Kenyatta’s 15-month-old administration faces criticism over its handling of myriad internal and external crises. The most egregious, many Kenyans say, is the inadequate response to a burgeoning threat from terrorism. In September 2013, 71 people died when al-Shabab militants attacked the Westgate mall. But violence has picked up recently. On May 16, 10 people were killed in blasts at a Nairobi market. Seven people died two weeks before that in explosions on buses in Mombasa and Nairobi. Iin June and the first week of July alone, more than 100 people died in five attacks on three towns along Kenya’s coast. At least 29 died in two assaults against Hindi and Gamba, two towns on Kenya’s northern coastline on July 5. Similar raids killed 69 people over eight days in June in and around Mpeketoni town, in Kenya’s coastal northeast close to the Lamu archipelago. In Mpeketoni, Hindi and Gamba, non-Muslims were singled out and executed. Businesses including hotels, banks, and gas stations were torched. Al-Shabab claimed responsibility for all these attacks, and says they will halt their offensives only when Kenyan troops leave the African Union force fighting Islamists in Somalia.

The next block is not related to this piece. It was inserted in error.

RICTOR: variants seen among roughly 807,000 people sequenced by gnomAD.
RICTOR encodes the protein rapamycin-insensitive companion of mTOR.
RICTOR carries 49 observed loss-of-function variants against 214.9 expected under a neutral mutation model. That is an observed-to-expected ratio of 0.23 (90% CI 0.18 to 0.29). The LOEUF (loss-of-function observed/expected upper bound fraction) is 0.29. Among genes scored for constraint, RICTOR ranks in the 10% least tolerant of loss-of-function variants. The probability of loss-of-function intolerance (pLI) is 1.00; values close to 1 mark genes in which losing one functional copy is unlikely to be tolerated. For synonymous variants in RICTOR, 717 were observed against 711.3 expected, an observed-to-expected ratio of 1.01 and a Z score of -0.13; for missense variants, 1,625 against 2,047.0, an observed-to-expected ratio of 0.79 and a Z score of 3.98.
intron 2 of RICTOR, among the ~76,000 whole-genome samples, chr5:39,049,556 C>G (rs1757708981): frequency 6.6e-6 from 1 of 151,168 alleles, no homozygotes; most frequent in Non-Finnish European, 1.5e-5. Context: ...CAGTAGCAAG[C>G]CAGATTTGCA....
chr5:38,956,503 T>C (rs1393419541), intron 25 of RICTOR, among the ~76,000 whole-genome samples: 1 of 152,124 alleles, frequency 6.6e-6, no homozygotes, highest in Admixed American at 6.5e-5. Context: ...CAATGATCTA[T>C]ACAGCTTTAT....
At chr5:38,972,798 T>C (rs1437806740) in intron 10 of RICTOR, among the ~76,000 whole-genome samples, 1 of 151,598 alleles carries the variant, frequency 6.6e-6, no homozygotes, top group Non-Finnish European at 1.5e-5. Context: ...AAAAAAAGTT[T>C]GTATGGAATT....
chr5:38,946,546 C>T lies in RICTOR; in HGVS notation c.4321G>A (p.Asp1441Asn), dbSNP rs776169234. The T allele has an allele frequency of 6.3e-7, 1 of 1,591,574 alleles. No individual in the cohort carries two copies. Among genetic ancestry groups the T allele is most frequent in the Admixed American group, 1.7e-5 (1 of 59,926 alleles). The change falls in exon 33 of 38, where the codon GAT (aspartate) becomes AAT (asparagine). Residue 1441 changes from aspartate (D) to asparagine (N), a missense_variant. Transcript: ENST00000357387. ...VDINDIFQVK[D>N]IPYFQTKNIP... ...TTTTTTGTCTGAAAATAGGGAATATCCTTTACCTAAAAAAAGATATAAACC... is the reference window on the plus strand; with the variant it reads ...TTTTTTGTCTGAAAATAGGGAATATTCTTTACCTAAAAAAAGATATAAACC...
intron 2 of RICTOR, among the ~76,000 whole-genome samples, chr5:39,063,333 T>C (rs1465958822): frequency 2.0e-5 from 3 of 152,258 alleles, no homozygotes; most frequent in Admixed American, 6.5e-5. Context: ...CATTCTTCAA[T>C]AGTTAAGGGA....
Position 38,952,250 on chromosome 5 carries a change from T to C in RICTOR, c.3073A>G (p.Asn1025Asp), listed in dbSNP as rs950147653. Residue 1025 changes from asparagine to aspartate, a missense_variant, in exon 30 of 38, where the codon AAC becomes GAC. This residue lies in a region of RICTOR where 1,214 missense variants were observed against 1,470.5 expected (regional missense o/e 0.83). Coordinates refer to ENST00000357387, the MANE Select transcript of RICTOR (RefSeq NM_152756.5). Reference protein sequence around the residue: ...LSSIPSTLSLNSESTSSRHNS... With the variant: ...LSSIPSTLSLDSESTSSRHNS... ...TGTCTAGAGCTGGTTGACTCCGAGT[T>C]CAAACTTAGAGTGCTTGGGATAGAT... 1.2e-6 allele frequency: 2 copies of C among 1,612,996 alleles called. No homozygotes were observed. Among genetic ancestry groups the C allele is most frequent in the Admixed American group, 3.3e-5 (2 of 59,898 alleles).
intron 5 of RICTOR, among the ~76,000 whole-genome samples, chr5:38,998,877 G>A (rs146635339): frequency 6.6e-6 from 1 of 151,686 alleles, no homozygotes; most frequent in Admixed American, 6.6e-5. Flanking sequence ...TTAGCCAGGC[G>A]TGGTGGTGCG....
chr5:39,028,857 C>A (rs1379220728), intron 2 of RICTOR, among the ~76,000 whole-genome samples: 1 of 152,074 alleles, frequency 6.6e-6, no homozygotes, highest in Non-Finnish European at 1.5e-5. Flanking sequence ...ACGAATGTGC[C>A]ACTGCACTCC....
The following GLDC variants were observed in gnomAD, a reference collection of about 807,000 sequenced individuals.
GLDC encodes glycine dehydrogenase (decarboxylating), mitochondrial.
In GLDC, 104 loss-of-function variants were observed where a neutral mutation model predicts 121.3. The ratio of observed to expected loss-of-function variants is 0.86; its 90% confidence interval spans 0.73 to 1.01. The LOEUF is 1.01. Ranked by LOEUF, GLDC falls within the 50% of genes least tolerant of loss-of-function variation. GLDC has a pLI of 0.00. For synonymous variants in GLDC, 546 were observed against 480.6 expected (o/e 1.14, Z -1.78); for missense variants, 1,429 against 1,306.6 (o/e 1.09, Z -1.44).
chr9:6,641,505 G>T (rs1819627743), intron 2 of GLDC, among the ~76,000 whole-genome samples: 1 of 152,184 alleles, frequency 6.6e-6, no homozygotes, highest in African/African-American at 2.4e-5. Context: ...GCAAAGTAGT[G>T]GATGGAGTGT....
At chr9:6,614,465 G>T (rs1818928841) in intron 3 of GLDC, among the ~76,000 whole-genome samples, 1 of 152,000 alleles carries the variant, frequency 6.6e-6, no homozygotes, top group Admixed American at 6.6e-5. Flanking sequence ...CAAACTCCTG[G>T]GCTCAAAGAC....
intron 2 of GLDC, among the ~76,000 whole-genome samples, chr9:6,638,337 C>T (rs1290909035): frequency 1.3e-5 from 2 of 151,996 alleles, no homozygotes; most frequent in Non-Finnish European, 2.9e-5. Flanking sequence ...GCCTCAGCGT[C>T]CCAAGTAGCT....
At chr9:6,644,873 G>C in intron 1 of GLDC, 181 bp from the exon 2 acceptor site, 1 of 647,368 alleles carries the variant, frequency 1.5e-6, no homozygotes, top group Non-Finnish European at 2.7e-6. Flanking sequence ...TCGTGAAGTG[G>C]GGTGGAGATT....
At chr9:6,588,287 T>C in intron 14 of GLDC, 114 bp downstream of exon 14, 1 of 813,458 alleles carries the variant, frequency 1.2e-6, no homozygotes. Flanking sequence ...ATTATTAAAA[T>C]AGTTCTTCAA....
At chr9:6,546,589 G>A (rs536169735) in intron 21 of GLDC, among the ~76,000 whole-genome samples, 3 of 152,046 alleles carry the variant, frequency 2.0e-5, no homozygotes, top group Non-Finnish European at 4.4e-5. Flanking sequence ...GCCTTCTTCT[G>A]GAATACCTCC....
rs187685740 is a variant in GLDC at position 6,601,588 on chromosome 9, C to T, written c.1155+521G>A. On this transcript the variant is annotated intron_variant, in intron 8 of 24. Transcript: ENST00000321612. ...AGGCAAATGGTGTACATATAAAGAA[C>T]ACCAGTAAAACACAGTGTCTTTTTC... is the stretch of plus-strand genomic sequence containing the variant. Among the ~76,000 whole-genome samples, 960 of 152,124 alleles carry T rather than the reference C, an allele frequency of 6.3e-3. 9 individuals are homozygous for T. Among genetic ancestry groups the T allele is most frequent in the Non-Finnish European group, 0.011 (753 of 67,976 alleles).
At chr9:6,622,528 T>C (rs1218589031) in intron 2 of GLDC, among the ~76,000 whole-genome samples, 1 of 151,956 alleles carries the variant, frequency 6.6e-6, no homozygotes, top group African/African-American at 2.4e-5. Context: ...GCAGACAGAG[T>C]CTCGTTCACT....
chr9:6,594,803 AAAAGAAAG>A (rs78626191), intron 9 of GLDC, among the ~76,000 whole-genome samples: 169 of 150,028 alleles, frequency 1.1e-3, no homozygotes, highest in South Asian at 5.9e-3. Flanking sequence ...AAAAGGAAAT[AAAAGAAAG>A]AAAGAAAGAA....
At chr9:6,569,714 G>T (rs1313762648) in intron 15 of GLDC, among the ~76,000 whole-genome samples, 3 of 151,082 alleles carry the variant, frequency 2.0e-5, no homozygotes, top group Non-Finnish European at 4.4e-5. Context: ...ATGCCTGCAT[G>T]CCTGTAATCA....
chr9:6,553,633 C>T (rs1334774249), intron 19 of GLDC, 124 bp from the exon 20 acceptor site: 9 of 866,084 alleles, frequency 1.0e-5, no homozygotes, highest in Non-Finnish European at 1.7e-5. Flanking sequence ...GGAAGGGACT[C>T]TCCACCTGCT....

Kenyatta, however, has insisted the gunmen were not Islamist terrorists, but local political networks opposed to his government.

Many analysts — and average Kenyans — say that intertribal clashes and political violence would be a deadly distraction for a government that should be focused on stopping al Qaeda’s east African proxy. But the political elite in Nairobi may not have their priorities in line with what is best for the country.